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Rule of Thirds applied to one of last week's photos.
I cherish the feedback loop.
Whenever I finish a new remix, a chapter of a story or get a photo back from the film shop (old days) or up on the screen from my digital camera (these days), I am instantly critical of it. I listen to it again. Read it again. Out loud. Look at it again. And again.
If I find something wrong, out of place, I immediately fix it. If the correction is not obvious, I obsess about it. Lose track of time. Forget everything.
Once the correction is in place, I start all over again. If I find another flaw, I fix it. Wash, rinse, repeat. Ad infinitium it seems sometimes. Candy can tell you stories about the same 4 bars of some song I'm remixing repeating over and over and over in my office, driving her insane.
Many a night, I'd hear the slow drag of Chauncey's toenails across the hardwood floor just as the time reached ten o'clock because that was when he was supposed to go outside for his walk around the block. More nights than I'd like to 'fess up to, I put him off. "Just ten more minutes, Chaunce," I'd tell him.
Candy has since made a mint from telling people about my now infamous interpretations of how long 600 seconds can be, should be or turned out to be.
But it's how I create. Throwing myself in head first.
Sometimes I get aggravated at the thought of working on something new because I know I can't half do it. Saying yes means committing myself to the deep end of the pool, and I'm not always in the mood for a swim.
Once I get through to the other side, though, things are beautiful. I obsess. Playing my music over and over. Reading my story out loud and reveling at the song of it all. Staring at my new picture, looking away and then returning my gaze. Absorbing it. As if some aspect of myself is becoming one with or assimilating my new artifact on a level where words are useless. A primordial re-integration with my act of creation.
Recently, I'm discovering happy accidents that thrill me as well. Take last week's Beauty of Blur. That was exquisite. I stared at it for long minutes after minutes several different days last week.
Then there's the beguiling one: The Time Was image. Ever since I posted it late Thursday evening (early Friday morning), I've been coming back to it. Taking it in. Clicking the link for the hi-res version.
It seemed so simple, so off-hand, so almost wrong in a bad picture kinda way, but at the same time it seemed to invite the center of my attention. Why?
I can remember taking the shot. That afternoon I had wanted to use my (at the time) new film camera to take some shots of The Boys (back when The Boys meant The Red Dog and The Black and Tan) at The Asylum. We had made our way down the decrepit asphalt road, the one that Mother Nature seemed to always be on the verge of claiming (or, arguably, re-claiming) for her own.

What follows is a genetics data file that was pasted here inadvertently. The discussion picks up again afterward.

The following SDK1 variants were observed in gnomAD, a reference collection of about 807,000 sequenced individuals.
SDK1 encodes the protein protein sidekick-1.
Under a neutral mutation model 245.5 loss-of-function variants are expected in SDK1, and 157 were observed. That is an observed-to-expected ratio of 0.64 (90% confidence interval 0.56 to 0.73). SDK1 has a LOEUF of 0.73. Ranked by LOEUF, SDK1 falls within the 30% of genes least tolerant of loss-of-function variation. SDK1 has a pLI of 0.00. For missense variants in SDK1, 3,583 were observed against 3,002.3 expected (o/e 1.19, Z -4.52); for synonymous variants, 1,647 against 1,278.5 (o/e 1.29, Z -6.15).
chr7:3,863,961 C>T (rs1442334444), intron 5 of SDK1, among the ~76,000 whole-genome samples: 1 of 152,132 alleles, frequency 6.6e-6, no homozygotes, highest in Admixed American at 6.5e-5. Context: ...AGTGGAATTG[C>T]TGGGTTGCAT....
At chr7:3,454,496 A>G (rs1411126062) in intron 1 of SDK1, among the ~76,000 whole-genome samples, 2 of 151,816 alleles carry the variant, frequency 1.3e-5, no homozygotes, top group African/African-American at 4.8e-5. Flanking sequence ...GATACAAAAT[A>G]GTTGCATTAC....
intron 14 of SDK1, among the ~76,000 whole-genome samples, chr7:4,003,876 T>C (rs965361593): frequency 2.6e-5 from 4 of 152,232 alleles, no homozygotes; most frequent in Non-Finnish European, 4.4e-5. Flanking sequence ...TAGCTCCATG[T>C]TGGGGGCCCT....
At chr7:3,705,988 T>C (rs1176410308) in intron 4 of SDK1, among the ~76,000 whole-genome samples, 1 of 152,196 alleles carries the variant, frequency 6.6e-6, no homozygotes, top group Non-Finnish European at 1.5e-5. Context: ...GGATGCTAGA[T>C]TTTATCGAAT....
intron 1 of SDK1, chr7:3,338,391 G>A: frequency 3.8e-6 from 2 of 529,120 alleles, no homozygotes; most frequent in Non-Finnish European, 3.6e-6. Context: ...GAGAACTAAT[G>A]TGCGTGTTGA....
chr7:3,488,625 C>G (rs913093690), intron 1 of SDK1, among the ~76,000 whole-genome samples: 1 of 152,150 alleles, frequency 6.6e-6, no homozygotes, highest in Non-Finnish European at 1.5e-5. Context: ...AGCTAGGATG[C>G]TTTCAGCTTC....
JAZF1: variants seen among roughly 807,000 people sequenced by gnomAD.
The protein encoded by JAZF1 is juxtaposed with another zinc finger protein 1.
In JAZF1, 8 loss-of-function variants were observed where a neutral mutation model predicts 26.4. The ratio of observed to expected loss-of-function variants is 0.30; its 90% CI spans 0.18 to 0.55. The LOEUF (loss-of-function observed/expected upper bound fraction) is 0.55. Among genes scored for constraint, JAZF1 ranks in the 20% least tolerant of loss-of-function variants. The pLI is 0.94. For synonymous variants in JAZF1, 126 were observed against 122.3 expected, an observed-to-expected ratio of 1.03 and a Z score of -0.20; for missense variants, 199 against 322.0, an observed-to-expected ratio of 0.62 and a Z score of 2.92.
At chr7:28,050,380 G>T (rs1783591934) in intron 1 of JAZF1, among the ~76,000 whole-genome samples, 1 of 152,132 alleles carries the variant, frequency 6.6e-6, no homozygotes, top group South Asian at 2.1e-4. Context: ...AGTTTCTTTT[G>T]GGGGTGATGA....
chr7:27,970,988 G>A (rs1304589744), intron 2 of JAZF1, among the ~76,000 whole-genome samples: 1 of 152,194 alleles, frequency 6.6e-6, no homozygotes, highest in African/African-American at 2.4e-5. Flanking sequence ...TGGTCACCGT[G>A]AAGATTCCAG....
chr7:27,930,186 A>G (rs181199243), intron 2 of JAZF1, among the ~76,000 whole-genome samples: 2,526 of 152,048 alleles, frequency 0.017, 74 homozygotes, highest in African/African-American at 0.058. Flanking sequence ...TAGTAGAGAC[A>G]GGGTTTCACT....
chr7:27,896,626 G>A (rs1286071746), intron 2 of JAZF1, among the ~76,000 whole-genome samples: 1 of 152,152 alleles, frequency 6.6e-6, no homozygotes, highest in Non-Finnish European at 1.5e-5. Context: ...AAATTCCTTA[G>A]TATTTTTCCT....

We were down on the edge of the time-to-time pond (it wasn't at that time, but instead was wearing its marsh mask). They had disappeared into the tall cornstalk-like weeds and were making a rustle and ruckus as they chased after each other, scaring the bejeezus out of the indigenous (and other, passing through) wildlife.
I don't think I was tripoding then, so I probably started to crouch on the embankment, trying to guess where they would explode from the green. The moment I snapped the shot, I knew it was wrong, and when I saw it a week later when I picked it up from the photo center, my suspicions were confirmed. Not long after, it was filed and forgotten.
Now, years later, I look at the image and swoon. The two halves of my mind bicker and I can almost hear their distinctive voices and respective arguments. The complaints about the dogs in the bottom of the frame. The less precise response insisting that for whatever reason it just works. The former harrumphing like Chaunce when it got to be 10:45 and he still hadn't heard me get up from my desk.
By late Friday afternoon, I figured it out. The Rule of Thirds. That Wikipedia link will tell you everything you need to know, but the super short version is that instead of centering your photo on a single subject, when possible, you can probably have more success at creating a captivating image by strategically architecting your shot to straddle, follow or otherwise relate to the frame of the image as if it was divided into thirds, horizontally and vertically.
Without adjusting or cropping the image from Friday, I divided it into thirds and — Lo and behold! — it almost lines up perfectly. At the same time, though, it plays with convention in that there is no group of subjects scattered amongst the thirdly borders. Rather, the subjects are clumped in one of the "triants" (as opposed to quadrants) with the rest of image uniformly filling the rest of the frame. The only other significant aspect of is the dividing line between the marsh grass and the trees in the distance. Yes, I know it doesn't match up exactly, but I think you'll agree that it is, without doubt, close enough to suggest the rule.
Which leaves me making a similar comment as I did with the Blur image: Not even today do I think I would be smart enough to intentionally create such a beautiful mistake.
And that, Dear Friend and Reader, is why I find myself staring at this image over and over and over.
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